Newsletter: Today: Trump’s Shock, Awe ... and Diversion?

A GBU-43B is on display at the Air Force Armament Museum at Eglin Air Force Base in Florida in 2004.
(Mark Kulaw / Northwest Florida Daily News)

What message is sent when the U.S. drops an 11-ton bomb in Afghanistan? I’m Davan Maharaj, editor-in-chief of the Los Angeles Times. Here are some story lines I don’t want you to miss today.


Trump’s Shock, Awe ... and Diversion?

In 2001, America’s longest war began in Afghanistan. The next year, the “mother of all bombs,” originally intended for Iraqi dictator Saddam Hussein, was developed. With the ability to produce a lethal shock wave more than a mile and a half away, America’s most powerful nonnuclear bomb hadn’t been used in battle — until it was dropped Thursday on a cave-and-tunnel complex the U.S. said was used by Islamic State fighters in eastern Afghanistan. It came on the same day the military announced its worst friendly-fire incident in Syria. And as President Trump empowers “the generals” to create more shock and awe, reports of civilian casualties there and in Iraq have been rising.


More Politics

-- Candidate Trump was a “nuclear whirling dervish” on foreign policy, according to one diplomat. Now he’s embracing mainstream positions that have alarmed ardent supporters but have reassured U.S allies.

-- Trump has signed a law that allows states to deny certain federal funding to Planned Parenthood.

-- CNN political commentator Jeffrey Lord came under fire on social media for describing President Trump as “the Martin Luther King of healthcare.”


In North Korea, What’s ‘More Powerful Than 100 Nuclear Warheads’?

As North Korea appears headed toward another nuclear test and the U.S. hints at military action, Pyongyang has invited a contingent of journalists, including L.A. Times reporter Jonathan Kaiman. So far, he’s been to a school for orphans, where the wall decor includes drawings of tanks and missiles, and the opening of Ryomyong Street, a residential high-rise project where Supreme Leader Kim Jong Un made an appearance. “The completion of this street is more powerful than 100 nuclear warheads,” said Prime Minister Pak Pong-ju. Got a question for our correspondent? You can ask here.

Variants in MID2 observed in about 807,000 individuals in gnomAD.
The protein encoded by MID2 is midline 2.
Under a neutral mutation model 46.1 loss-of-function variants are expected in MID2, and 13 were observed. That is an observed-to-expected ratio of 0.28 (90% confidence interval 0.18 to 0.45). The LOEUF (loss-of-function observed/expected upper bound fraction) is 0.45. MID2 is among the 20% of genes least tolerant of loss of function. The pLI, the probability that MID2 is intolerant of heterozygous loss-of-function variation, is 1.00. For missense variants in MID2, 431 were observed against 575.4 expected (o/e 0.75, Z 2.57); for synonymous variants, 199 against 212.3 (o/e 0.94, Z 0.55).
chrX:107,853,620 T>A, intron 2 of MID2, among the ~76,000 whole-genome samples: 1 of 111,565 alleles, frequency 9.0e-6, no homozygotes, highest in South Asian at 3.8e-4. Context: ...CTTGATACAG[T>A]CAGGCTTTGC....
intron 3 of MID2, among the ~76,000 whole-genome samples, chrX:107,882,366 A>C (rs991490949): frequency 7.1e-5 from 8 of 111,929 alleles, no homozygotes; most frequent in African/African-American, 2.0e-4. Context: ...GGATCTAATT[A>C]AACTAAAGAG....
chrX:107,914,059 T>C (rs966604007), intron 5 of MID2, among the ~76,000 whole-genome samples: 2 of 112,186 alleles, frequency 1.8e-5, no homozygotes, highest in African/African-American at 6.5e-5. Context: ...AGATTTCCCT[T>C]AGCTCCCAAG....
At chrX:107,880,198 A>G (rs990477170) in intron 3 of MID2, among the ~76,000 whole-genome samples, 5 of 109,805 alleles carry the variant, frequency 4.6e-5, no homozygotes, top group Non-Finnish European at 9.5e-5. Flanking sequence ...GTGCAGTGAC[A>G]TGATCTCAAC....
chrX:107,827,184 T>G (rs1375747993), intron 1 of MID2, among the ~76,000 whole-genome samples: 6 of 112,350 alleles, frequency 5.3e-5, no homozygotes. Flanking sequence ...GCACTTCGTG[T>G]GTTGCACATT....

North Korean leader Kim Jong Un arrives for the official opening of the Ryomyong residential area.
(Wong Maye-E / Associated Press)

The Hacker Who Recruited ISIS Fighters in the U.S.


He was born and raised in Britain, but in 2013 he left for Syria at age 19. There, he led a team of Islamic State recruiters who reached out online to would-be terrorists around the globe, including scores of Americans, according to FBI Director James Comey. In all, the young man communicated with at least nine people who later were arrested or killed by U.S. law enforcement, court filings show. Here’s the story of the hunt to stop him and his recruits in 2015.

House the Homeless, but NIMBY?

When L.A. voters approved Proposition HHH, they freed up $1.2 billion for building thousands of apartment units for the homeless. But where? Case in point: a vacant lot on the Eastside. A nonprofit developer could build 49 affordable-housing units on the property, with half dedicated to chronically homeless people who’ve been diagnosed as mentally ill. But El Mercado, a mall next door, opposes it, and it’s been stuck for nearly a year in a committee headed by Councilman Jose Huizar, one of the most vocal supporters of — you guessed it — Prop. HHH.

Coachella Gets a Latin Beat


Radiohead, Lady Gaga and Kendrick Lamar are the headliners at the Coachella Valley Music and Arts Festival, which starts today and runs through Sunday. Though the big party in the desert has featured alternative rock, EDM, hip-hop and more since its inception in 1999, Latin music hasn’t gotten much love — until this year. It’s a move meant to resonate in the first year of the Trump presidency. One band from Argentina even had trouble getting its visas.